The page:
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Control & Process Reviews

You need to review your controls periodically as the business evolves, writes ITSM Watch columnist George Spafford of Pepperweed Consulting.
Mar 7, 2008
By

George Spafford





In response to a variety of needs including process improvement and regulatory compliance, organizations develop controls and processes. Many times they are aimed at preventing an error from happening again or are designed to enable the attainment of objectives.

 

Okay, good. The problem is the environments within which organizations operate foster a constant need to evolve. If processes are not updated, then they can slow or even halt progress and create organizational conflict. The problem we are discussing is compound.

 

At one level, controls are developed and instantiated in the relevant processes. The resulting processes are indicative of management’s intent in terms of objectives that must be met and risks that must be minimized at a given point in time. For example, management may require that all requests for access be reviewed and approved by the controller, IT security and the requesting manager for proper scrutiny.

 

These reviewers are then reflected in the design of the access management process. Over time, the firm grows and the controller no longer knows everyone, their roles and at some point begins to simply approve all requests rather than delay the process. The point is at some point the control and process design should have evolved.

 

On another level, people need to perform their jobs. Processes that hinder them from accomplishing their jobs are problematic. It may be that a given policy was valid five years ago but viewed as pointless now. This puts employees in a predicament. On one hand they need to get their job done and on the other they have to follow policies. The response to the conflict will vary depending on the policy in question, organizational culture and the individual.

 

Some will bypass the process entirely. Some will take the imitative to alert management that the process should be reviewed. There are even some that will continue to comply for whatever reason. Unless steps are taken to review and update the process, the outcomes will likely be suboptimal in terms of productivity and even generate audit findings that must then be dealt with.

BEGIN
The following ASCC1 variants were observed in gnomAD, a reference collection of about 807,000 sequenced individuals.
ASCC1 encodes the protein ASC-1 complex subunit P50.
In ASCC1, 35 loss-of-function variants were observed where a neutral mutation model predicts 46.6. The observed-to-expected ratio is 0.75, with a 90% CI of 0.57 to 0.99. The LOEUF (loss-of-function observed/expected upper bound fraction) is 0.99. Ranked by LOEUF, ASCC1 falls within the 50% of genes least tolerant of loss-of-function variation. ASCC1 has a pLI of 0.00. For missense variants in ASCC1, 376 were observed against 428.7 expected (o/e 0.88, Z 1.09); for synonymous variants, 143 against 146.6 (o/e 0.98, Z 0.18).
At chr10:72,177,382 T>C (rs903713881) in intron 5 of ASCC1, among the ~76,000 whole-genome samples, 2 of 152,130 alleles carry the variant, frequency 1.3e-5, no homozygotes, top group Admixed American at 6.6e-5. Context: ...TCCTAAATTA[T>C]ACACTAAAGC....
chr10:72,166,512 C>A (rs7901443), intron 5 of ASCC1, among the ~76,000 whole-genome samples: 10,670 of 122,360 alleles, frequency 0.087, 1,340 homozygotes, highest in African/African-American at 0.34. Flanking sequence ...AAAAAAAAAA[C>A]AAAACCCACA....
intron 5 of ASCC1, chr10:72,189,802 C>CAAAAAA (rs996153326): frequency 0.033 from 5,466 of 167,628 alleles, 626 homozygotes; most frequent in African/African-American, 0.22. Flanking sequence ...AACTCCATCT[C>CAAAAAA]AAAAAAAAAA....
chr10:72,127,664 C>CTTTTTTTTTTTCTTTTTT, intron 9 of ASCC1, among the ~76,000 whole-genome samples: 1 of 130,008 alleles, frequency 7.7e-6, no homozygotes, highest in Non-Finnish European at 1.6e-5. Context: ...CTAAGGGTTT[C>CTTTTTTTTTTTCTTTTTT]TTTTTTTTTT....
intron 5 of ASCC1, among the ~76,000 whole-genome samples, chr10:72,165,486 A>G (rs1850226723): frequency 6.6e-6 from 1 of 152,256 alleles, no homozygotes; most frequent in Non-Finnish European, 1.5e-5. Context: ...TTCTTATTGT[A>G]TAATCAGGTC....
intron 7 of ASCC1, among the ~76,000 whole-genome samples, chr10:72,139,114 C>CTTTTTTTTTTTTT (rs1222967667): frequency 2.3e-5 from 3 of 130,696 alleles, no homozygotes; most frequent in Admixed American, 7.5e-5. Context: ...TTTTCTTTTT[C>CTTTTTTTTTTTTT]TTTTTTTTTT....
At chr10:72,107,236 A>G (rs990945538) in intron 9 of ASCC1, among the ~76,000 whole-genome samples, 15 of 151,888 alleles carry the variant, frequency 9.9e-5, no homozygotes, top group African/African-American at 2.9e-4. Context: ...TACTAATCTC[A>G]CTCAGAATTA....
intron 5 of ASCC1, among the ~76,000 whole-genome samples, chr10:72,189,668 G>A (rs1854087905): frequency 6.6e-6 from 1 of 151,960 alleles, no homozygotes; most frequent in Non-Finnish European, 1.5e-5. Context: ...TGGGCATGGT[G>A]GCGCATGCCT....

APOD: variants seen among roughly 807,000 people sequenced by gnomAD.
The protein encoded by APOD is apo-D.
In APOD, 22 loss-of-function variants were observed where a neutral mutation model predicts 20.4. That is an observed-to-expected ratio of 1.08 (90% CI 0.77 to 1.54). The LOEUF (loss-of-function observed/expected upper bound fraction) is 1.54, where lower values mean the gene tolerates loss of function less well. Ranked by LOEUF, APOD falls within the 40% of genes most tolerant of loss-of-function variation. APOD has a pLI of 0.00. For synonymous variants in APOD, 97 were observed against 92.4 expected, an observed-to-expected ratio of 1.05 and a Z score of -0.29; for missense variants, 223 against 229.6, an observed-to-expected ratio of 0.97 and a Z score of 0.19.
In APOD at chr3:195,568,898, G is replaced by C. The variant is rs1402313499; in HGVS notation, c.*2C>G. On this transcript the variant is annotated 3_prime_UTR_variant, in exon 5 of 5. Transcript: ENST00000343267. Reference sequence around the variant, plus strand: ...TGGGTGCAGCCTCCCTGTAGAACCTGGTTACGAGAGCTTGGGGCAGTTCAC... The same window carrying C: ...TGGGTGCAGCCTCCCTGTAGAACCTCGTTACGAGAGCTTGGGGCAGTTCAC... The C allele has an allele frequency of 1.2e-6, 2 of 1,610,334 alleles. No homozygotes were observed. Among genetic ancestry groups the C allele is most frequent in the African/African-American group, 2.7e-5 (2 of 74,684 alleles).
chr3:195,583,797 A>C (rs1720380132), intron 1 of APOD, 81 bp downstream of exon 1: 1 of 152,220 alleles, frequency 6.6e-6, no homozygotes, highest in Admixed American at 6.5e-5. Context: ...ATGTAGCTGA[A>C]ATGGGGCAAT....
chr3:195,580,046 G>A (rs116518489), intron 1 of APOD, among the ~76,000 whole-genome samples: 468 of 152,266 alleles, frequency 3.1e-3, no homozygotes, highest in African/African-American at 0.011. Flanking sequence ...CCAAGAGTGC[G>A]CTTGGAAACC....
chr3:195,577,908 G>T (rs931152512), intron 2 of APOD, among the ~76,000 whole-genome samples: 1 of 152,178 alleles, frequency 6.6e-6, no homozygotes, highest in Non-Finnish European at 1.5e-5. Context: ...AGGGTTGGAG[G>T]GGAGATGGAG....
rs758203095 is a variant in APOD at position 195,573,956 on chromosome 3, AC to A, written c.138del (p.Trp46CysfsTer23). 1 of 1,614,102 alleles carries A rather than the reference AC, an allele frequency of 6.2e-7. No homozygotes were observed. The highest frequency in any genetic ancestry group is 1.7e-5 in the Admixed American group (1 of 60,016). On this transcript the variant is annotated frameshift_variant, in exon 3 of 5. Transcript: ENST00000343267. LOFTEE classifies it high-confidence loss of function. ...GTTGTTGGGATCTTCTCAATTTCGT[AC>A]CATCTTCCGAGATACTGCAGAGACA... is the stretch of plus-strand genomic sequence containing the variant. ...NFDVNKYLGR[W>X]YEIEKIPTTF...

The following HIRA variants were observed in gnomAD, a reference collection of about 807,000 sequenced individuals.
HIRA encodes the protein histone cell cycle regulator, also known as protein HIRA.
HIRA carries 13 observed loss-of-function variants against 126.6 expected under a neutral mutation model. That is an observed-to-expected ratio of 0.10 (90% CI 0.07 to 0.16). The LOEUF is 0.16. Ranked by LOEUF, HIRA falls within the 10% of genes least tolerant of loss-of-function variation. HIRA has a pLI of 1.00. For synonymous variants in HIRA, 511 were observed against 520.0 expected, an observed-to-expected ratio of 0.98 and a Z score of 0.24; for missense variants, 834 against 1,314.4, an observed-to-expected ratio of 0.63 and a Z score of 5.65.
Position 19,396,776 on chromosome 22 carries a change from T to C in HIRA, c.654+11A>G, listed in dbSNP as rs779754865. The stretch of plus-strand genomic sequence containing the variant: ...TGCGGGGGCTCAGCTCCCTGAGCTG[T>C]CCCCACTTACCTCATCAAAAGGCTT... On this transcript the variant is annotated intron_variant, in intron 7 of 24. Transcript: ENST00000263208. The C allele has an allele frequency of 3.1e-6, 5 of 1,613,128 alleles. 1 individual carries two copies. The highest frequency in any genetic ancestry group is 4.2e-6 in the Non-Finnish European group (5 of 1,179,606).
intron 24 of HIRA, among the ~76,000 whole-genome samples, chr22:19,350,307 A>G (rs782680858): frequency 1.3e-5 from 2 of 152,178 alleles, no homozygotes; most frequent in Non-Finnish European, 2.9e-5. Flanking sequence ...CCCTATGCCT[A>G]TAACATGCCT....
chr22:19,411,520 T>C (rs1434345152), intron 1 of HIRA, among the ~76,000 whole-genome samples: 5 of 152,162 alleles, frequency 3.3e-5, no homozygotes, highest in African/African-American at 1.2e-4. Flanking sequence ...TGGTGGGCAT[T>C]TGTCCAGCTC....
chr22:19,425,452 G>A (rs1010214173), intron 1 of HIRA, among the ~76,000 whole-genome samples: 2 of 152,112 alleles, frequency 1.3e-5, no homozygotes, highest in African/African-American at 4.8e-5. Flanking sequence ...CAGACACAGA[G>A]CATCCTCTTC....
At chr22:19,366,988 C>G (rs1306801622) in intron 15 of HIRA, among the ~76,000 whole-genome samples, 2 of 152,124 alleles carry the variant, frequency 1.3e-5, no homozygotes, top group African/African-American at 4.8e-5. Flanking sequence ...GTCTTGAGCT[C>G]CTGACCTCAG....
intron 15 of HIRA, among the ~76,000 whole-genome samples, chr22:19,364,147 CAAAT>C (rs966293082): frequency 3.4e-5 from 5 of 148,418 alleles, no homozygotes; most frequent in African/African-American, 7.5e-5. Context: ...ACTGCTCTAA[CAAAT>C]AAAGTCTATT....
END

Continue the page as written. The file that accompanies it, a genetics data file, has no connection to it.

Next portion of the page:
A Time to Review

 

To avoid these problems, organizations need to create a process to review controls and processes. The first step is to define the triggers for the reviews. The base trigger is to formally define a review interval for the various policies and the underpinning processes and procedures. Some groups will have a marathon review period each year. Others will have rolling scheduled reviews throughout the year making the load more manageable.

 

A second trigger is major incidents. A review should be conducted after each crisis to learn if the policies, processes and/or procedures need to be revised. If so, then a request for change should be submitted, the necessary changes should be made and then submitted for review and approval through the Change Management process.

 

A third trigger is when there is recognition that there a new risk or regulatory compliance requirement that impacts policies, processes and procedures. Again, the changes should be handled through the Change Management process.

 

A fourth trigger could be the change management process itself. When changes are evaluated, their impacts to controls and process design must be reviewed as well and if changes are needed, then requests for change (RFCs) should be launched accordingly.


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